The best things to do near Almaty
Nature is so close and there are so many exciting things to do near Almaty, yet it isn’t as easy to visit these places as you would think. While Medeu and Shymbulak are easy to get to, most other things to do near Almaty require your own transport or a tour.
Of course there is always the possibility of using a combination of public transport and hitchhiking to reach the things to do near Almaty. Hitchhiking is in fact quite common in Kazakhstan, but not for free. A small payment is expected in the end.
Another option is to rent a car. This might turn out cheaper than taking private taxi’s or a tour and will give you a lot of freedom and flexibility. Do keep in mind that only a few companies allow you to drive outside of Almaty.
Then there are tours. If you want an english speaking guide or a private car with driver things can get pricey. However, if you are happy to share the costs with other people and don’t mind the lack of an english speaking person there are reasonably priced tours out there. Several hostels and local agencies run affordable community tours to the places mentioned below.
I personally had a positive experience with the charyn canyon and kolsai lakes tour from the Almaty backpackers hostel. Local agencies like Steppe spirit and Campit.kz advertise their tours on their instagram sites in Russian. You can contact them for assistance in english.
22. Big Almaty Lake
Almaty is a heaven for those who love the outdoors. Less than an hour by taxi is the Big Almaty Lake in the middle of the mountains. One of the must things to do in Almaty.
Even tough it was already mid April the lake was still frozen and covered in snow when I was there. I wasn’t able to see its turquoise colour that it is famous for. Still, it was amazing how quickly you are in the mountains.
How to get there: The best way to get here is by finding other people and sharing a taxi. From President’s park bus number 28 drives every 30 minutes to the entrance of the park, but from there it is still a long walk on the road or along the pipeline towards the lake.
The border guards in this area take their job very serious. Big Almaty lake is close to the border with Kyrgyzstan and provides drinking water for Almaty. Bring your passport along and be careful with hiking. Under no circumstances hike towards the lake, because you can get a fine.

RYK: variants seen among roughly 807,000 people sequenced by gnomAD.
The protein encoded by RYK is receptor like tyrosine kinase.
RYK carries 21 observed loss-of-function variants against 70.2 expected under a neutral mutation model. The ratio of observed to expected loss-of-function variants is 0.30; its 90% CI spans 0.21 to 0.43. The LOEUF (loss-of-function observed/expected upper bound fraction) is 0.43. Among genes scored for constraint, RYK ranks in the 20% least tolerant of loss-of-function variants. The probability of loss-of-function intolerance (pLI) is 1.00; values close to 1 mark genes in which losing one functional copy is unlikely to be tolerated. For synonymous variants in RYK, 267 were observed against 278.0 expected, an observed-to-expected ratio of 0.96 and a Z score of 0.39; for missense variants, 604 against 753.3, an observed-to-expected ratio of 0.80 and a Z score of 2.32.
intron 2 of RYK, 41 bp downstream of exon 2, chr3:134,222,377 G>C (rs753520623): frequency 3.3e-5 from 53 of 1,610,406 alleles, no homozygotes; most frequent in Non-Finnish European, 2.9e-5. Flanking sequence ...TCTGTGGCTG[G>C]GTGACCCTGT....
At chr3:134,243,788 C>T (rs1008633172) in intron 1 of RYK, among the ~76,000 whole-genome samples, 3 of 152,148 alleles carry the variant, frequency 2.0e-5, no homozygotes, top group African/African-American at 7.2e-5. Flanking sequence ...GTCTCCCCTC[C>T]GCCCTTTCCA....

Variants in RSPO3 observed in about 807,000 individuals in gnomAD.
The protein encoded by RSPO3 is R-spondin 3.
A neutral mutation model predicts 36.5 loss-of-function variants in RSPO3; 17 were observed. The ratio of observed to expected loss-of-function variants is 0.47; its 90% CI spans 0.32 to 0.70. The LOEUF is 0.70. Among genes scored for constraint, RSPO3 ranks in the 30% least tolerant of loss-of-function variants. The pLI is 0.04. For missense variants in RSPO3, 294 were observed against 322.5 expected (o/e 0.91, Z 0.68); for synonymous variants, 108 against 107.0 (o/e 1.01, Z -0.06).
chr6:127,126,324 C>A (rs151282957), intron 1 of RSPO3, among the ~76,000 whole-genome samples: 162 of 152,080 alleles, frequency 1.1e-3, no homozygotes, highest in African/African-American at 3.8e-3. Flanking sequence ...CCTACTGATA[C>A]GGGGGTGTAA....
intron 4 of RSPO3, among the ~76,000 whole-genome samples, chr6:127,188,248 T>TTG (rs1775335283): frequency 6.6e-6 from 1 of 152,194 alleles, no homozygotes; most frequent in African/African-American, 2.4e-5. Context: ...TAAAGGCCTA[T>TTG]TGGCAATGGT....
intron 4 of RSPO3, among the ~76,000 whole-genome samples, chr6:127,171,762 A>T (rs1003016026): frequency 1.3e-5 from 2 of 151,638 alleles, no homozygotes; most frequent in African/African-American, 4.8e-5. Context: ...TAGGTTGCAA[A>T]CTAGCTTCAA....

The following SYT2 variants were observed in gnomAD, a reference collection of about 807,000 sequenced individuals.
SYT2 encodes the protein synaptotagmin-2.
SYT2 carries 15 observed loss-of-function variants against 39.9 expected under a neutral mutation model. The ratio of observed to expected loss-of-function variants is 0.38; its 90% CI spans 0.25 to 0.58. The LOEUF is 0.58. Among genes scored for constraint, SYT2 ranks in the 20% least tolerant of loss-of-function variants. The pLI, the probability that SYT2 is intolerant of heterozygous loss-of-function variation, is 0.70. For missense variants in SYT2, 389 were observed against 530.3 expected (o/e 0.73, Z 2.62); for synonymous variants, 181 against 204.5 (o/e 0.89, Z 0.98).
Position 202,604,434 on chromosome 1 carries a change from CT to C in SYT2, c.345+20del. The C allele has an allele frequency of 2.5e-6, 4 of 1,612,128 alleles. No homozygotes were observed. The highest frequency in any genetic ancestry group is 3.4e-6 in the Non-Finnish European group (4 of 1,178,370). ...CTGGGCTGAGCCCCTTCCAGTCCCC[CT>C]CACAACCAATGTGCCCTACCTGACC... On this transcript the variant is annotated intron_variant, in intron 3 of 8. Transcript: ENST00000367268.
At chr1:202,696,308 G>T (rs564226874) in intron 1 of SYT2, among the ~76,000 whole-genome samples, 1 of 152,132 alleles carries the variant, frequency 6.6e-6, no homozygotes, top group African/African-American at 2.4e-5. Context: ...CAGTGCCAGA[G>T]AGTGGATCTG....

For more information I can recommend this guide to Big Almaty Lake.
23. Shymbulak & Medeu
Shymbulak and Medeu are among the most accesible places near Almaty to visit the mountains. The ice skate ring in Medeu and the ski resort of Shimbulak bring you straight into nature. In winter it is a center for winter sports and in summer a hikers paradise with several interesting day hikes.
How to get there: Bus number 12 from accross the Kazakhstan Hotel goes every 30 minutes to the entrance of the Ice skate ring in Medeu. To go further to Shymbulak you can take a cable car or a minivan (cheaper) up the mountain.
24. Butakovka waterfall and Furmanov peak
From Medeu there are two hiking trails you can do. An easy trail of about 4 hours goes to the Butakovka waterfall and a more challenging trail of about 7 hours goes towards the Furmanov peak.
Both are easy to reach by public transport and if you want a quick way to get to Almaty’s mountains for a day these hikes are a good option. Read the detailed hiking guides on caravanistan for more details on the Butakovka waterfall and the Furmanov Peak.
If you are an experienced hiker and prepared to walk at high altitudes you can also consider the four peaks trail. After Furmanov peak you can continue your walk to peak Panorama, Bashuta and Shymbulak. All above 3000 meters. Read the excellent hiking guide from Sandy feet for more details.
25. Charyn Canyon
The Charyn Canyon was one of the highlights of my time in Almaty and even though it is not that easy to get to it is well worth the effort.
The road through the rolling grasslands can not prepare you for the beauty of the Charyn canyon and the rocky landscape hidden below. It felt like I was in a different country. While hiking through the canyon every turn had new spectacular views.
Read more in my Charyn Canyon travel guide
26. Aksai Gorge and monastery
In the beautiful Aksay valley you will find the still active Aksay monastery. It is another quick and easy way to get out of the city into nature if you have your own car. Several agencies also offer day tours to the Aksai monastery
27. Lake Issyk
Another beatiful lake in the vicinity of Almaty is lake Issyk, not to be confused with Issyk-kul in Kyrgyzstan. The turquise waters surrounded by alpine mountain sceneries make this a great daytrip from Almaty. Read more about the tragic history of Lake Issyk in this guide from Megan starr about how to visit Lake Issyk.
28. Kolsai Lakes & Kaindy lake
Another highlight during my time in Almaty was my 2 day trip to the glacial Kolsai Lakes and the Kaindy lake.
The road to the lakes is spectacular and an adventure in itself. Once in Saty you can experience true Kazakh hospitality at one of the homestays. From here you can hike up to the lakes through beautiful pine forests and incredible views on the mountains all around you.
Read more in my post about how to visit the Kolsai Lakes and lake Kaindy.
29. Tamgaly Petroglyphs